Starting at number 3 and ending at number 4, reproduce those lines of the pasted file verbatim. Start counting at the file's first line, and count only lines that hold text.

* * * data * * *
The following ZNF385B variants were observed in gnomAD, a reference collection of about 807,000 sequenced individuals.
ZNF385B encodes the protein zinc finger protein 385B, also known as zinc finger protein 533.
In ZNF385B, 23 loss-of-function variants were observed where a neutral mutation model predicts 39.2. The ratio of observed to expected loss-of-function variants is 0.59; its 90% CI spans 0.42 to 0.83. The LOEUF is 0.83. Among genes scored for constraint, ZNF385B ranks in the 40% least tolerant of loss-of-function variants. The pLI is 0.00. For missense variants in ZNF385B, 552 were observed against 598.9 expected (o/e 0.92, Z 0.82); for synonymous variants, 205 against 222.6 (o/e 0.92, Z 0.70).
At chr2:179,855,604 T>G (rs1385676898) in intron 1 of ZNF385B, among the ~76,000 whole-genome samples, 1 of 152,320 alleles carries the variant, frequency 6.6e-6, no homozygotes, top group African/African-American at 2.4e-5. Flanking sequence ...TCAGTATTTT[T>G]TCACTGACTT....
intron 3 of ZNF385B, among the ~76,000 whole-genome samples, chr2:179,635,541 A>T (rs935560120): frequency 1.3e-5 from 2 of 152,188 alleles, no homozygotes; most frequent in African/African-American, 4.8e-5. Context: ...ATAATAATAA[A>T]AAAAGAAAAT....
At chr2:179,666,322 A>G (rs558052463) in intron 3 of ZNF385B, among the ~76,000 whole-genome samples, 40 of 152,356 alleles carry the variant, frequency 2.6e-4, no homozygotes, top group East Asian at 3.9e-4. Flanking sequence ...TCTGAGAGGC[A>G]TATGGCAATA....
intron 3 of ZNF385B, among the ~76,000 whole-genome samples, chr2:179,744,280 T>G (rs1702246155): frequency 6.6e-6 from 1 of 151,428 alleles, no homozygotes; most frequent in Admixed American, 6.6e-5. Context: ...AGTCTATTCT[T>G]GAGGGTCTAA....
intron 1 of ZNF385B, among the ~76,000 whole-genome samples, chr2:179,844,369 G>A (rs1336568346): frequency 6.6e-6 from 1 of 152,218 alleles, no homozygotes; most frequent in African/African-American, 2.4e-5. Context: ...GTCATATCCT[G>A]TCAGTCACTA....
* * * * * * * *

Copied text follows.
In ZNF385B, 23 loss-of-function variants were observed where a neutral mutation model predicts 39.2. The ratio of observed to expected loss-of-function variants is 0.59; its 90% CI spans 0.42 to 0.83. The LOEUF is 0.83. Among genes scored for constraint, ZNF385B ranks in the 40% least tolerant of loss-of-function variants. The pLI is 0.00. For missense variants in ZNF385B, 552 were observed against 598.9 expected (o/e 0.92, Z 0.82); for synonymous variants, 205 against 222.6 (o/e 0.92, Z 0.70).
At chr2:179,855,604 T>G (rs1385676898) in intron 1 of ZNF385B, among the ~76,000 whole-genome samples, 1 of 152,320 alleles carries the variant, frequency 6.6e-6, no homozygotes, top group African/African-American at 2.4e-5. Flanking sequence ...TCAGTATTTT[T>G]TCACTGACTT....